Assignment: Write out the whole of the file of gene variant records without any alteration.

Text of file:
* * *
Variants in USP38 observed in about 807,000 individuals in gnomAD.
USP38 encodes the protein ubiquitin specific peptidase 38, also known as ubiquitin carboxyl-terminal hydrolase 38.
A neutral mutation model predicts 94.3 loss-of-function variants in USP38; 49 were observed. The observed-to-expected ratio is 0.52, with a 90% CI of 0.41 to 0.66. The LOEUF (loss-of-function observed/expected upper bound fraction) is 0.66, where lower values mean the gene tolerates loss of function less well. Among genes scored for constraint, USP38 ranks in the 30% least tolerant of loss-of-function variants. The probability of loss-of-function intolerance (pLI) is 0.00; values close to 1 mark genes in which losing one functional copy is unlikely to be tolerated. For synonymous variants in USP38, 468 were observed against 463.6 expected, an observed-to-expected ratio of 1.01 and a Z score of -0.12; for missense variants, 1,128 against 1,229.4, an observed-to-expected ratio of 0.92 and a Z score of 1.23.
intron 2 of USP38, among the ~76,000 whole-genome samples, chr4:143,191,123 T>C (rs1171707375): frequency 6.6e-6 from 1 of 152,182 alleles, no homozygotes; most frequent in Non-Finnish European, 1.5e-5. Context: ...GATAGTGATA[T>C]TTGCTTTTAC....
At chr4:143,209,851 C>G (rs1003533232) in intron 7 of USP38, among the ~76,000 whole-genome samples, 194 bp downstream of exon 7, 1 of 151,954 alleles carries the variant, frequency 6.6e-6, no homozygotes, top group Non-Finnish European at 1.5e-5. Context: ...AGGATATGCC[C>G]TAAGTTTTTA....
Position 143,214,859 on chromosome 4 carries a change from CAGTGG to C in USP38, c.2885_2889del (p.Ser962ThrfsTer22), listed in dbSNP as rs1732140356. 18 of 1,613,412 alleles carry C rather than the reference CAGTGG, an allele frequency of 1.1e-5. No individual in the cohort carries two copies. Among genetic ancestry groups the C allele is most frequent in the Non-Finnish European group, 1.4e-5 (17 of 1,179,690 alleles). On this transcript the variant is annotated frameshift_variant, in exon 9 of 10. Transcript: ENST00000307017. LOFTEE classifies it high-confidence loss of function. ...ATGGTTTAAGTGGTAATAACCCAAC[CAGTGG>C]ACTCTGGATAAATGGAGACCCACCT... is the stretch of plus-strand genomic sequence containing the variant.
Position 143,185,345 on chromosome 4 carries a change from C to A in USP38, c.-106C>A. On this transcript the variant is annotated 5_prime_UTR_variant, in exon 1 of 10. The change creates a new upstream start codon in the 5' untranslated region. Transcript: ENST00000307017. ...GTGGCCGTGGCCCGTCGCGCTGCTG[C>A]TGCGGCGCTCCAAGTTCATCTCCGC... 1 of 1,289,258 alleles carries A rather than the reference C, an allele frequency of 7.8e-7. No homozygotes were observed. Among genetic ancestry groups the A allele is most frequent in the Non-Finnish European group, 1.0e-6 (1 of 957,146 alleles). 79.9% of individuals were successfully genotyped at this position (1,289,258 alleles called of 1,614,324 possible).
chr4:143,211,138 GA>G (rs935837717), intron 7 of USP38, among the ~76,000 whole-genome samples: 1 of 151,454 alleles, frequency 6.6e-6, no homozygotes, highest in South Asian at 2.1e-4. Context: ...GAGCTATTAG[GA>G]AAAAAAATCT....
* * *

Variants in USP38 observed in about 807,000 individuals in gnomAD.
USP38 encodes the protein ubiquitin specific peptidase 38, also known as ubiquitin carboxyl-terminal hydrolase 38.
A neutral mutation model predicts 94.3 loss-of-function variants in USP38; 49 were observed. The observed-to-expected ratio is 0.52, with a 90% CI of 0.41 to 0.66. The LOEUF (loss-of-function observed/expected upper bound fraction) is 0.66, where lower values mean the gene tolerates loss of function less well. Among genes scored for constraint, USP38 ranks in the 30% least tolerant of loss-of-function variants. The probability of loss-of-function intolerance (pLI) is 0.00; values close to 1 mark genes in which losing one functional copy is unlikely to be tolerated. For synonymous variants in USP38, 468 were observed against 463.6 expected, an observed-to-expected ratio of 1.01 and a Z score of -0.12; for missense variants, 1,128 against 1,229.4, an observed-to-expected ratio of 0.92 and a Z score of 1.23.
intron 2 of USP38, among the ~76,000 whole-genome samples, chr4:143,191,123 T>C (rs1171707375): frequency 6.6e-6 from 1 of 152,182 alleles, no homozygotes; most frequent in Non-Finnish European, 1.5e-5. Context: ...GATAGTGATA[T>C]TTGCTTTTAC....
At chr4:143,209,851 C>G (rs1003533232) in intron 7 of USP38, among the ~76,000 whole-genome samples, 194 bp downstream of exon 7, 1 of 151,954 alleles carries the variant, frequency 6.6e-6, no homozygotes, top group Non-Finnish European at 1.5e-5. Context: ...AGGATATGCC[C>G]TAAGTTTTTA....
Position 143,214,859 on chromosome 4 carries a change from CAGTGG to C in USP38, c.2885_2889del (p.Ser962ThrfsTer22), listed in dbSNP as rs1732140356. 18 of 1,613,412 alleles carry C rather than the reference CAGTGG, an allele frequency of 1.1e-5. No individual in the cohort carries two copies. Among genetic ancestry groups the C allele is most frequent in the Non-Finnish European group, 1.4e-5 (17 of 1,179,690 alleles). On this transcript the variant is annotated frameshift_variant, in exon 9 of 10. Transcript: ENST00000307017. LOFTEE classifies it high-confidence loss of function. ...ATGGTTTAAGTGGTAATAACCCAAC[CAGTGG>C]ACTCTGGATAAATGGAGACCCACCT... is the stretch of plus-strand genomic sequence containing the variant.
Position 143,185,345 on chromosome 4 carries a change from C to A in USP38, c.-106C>A. On this transcript the variant is annotated 5_prime_UTR_variant, in exon 1 of 10. The change creates a new upstream start codon in the 5' untranslated region. Transcript: ENST00000307017. ...GTGGCCGTGGCCCGTCGCGCTGCTG[C>A]TGCGGCGCTCCAAGTTCATCTCCGC... 1 of 1,289,258 alleles carries A rather than the reference C, an allele frequency of 7.8e-7. No homozygotes were observed. Among genetic ancestry groups the A allele is most frequent in the Non-Finnish European group, 1.0e-6 (1 of 957,146 alleles). 79.9% of individuals were successfully genotyped at this position (1,289,258 alleles called of 1,614,324 possible).
chr4:143,211,138 GA>G (rs935837717), intron 7 of USP38, among the ~76,000 whole-genome samples: 1 of 151,454 alleles, frequency 6.6e-6, no homozygotes, highest in South Asian at 2.1e-4. Context: ...GAGCTATTAG[GA>G]AAAAAAATCT....